WASHINGTON, D.C. — On Friday, Aug. 18, the North Carolina Supreme Court ruled in a 4-3 decision that North Carolina state legislators who were elected under racially gerrymandered districts do not possess unlimited authority to amend the North Carolina Constitution. This decision arises out of a 2018 lawsuit filed on behalf of the North Carolina NAACP challenging two amendments to the North Carolina Constitution, one of which imposed a photo ID requirement in order to vote and the other of which lowered the state income tax. The plaintiff in the lawsuit alleged that these amendments should be struck down because they were originally placed on the ballot by a racially gerrymandered General Assembly comprised of districts deemed unconstitutional by a federal court in Covington v. North Carolina. Notably, the proposed amendments were rushed through the Legislature after the districts were found to be unconstitutional but before remedial elections were set to occur under a new set of constitutional maps. Furthermore, the plaintiff contended that the three-fifths majority required in both houses of the state Legislature in order to place an amendment on the ballot (that would then be voted on by the general public) would not have been met under constitutionally drawn districts. The state trial court initially struck down the challenged amendments in favor of the plaintiff, but the state appellate court then reversed the trial court’s decision and reinstated the amendments. The plaintiff subsequently appealed this decision to the North Carolina Supreme Court.
In today’s opinion, the majority held that multiple provisions of the North Carolina Constitution “limit the legislators’ authority to initiate the process of amending the constitution under these circumstances” — meaning that the legislators were elected to a General Assembly in which 28 of its districts were found to be unconstitutional racial gerrymanders. The majority further maintained that “requiring persons to be bound by a constitutional amendment which specifically targets a group to which they belong for disfavored treatment, and which was enacted by a legislature formed through a political process designed to deprive them of an equal voice, is repugnant to the principles of popular sovereignty and democratic self-rule.”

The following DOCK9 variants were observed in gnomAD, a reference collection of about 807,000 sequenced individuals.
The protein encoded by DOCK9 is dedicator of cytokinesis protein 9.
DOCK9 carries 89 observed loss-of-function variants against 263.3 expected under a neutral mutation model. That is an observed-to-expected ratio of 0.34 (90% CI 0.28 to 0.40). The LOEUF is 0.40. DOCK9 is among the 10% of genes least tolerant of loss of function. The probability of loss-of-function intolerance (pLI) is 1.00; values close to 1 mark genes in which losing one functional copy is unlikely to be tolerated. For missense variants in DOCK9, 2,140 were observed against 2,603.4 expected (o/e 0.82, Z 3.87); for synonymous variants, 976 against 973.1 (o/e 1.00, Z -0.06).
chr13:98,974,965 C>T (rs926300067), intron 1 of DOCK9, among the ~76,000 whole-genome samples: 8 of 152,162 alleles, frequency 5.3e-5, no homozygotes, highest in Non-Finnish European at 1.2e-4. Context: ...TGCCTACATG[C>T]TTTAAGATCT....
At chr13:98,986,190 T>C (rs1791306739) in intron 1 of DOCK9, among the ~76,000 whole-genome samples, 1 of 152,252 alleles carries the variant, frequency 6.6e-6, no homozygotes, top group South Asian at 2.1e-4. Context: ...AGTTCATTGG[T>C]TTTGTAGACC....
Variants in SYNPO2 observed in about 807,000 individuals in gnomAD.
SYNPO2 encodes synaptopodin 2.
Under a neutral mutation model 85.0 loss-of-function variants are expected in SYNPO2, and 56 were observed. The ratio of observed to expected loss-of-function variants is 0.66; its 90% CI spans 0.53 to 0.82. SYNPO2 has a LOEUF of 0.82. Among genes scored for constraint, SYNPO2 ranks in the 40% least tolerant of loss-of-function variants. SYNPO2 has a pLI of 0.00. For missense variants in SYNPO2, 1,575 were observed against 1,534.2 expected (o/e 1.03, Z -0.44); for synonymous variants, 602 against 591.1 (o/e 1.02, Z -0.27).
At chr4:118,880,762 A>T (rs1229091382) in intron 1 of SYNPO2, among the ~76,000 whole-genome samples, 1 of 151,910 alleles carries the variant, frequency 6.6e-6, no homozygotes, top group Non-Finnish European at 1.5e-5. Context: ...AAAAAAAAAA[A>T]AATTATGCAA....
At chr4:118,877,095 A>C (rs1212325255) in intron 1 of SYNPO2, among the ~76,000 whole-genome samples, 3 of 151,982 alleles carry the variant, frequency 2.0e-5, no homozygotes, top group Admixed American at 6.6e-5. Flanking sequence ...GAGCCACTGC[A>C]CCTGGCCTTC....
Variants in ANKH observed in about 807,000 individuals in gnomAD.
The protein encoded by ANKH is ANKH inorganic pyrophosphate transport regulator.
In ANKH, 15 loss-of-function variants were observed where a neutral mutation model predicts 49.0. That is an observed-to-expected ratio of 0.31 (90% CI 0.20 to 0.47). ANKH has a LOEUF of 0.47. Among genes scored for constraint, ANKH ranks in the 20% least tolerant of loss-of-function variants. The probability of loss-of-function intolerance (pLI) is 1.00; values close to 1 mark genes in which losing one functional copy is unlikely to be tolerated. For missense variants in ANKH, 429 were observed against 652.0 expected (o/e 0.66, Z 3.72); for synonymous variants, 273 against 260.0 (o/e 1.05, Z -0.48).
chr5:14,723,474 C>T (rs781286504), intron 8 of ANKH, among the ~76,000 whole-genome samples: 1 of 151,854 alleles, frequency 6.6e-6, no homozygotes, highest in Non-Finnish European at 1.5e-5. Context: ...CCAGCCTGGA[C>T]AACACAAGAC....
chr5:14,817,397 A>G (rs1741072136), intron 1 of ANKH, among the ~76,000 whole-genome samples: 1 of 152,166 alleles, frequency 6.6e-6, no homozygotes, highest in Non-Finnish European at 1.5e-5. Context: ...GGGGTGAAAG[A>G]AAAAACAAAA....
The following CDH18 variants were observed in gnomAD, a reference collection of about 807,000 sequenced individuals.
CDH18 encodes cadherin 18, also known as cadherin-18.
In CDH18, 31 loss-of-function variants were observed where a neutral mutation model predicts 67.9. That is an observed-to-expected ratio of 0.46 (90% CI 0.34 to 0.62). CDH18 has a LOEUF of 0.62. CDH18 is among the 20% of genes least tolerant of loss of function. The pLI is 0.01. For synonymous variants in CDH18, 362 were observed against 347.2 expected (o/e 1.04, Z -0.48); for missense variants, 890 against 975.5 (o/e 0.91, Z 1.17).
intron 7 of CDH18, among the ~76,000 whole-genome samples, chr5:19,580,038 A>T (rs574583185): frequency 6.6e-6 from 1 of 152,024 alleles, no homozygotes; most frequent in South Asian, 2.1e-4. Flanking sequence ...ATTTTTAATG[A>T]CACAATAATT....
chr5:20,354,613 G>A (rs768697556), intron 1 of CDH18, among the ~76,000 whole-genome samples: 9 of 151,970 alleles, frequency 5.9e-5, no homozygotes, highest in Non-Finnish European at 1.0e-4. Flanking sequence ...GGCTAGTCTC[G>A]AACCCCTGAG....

In addition, today’s ruling also found that the trial court’s decision striking down the two amendments at issue was too broadly sweeping. Instead of voiding the two amendments altogether, the majority remanded the case back to the trial court for further proceedings with instructions for assessing whether the voter ID and state income tax amendments should be “retroactively invalidated.” The opinion noted that because the unconstitutionally elected legislators were “sufficient in number” to have a potentially decisive effect in the vote on the bill that proposed the challenged amendments, three factors must be considered by the trial court when assessing whether the challenged amendments should be nullified. These factors include whether the amendments: “1) immunize legislators elected due to unconstitutional racial gerrymandering from democratic accountability going forward; 2) perpetuate the continued exclusion of a category of voters from the democratic process or 3) constitute intentional discrimination against the same category of voters discriminated against in the reapportionment process that resulted in the unconstitutionally gerrymandered districts.” In accordance with these guidelines, the majority opinion directs the trial court to hold an evidentiary hearing and enter “additional findings of fact and conclusions of law” in order to ultimately decide whether the challenged amendments should remain in effect.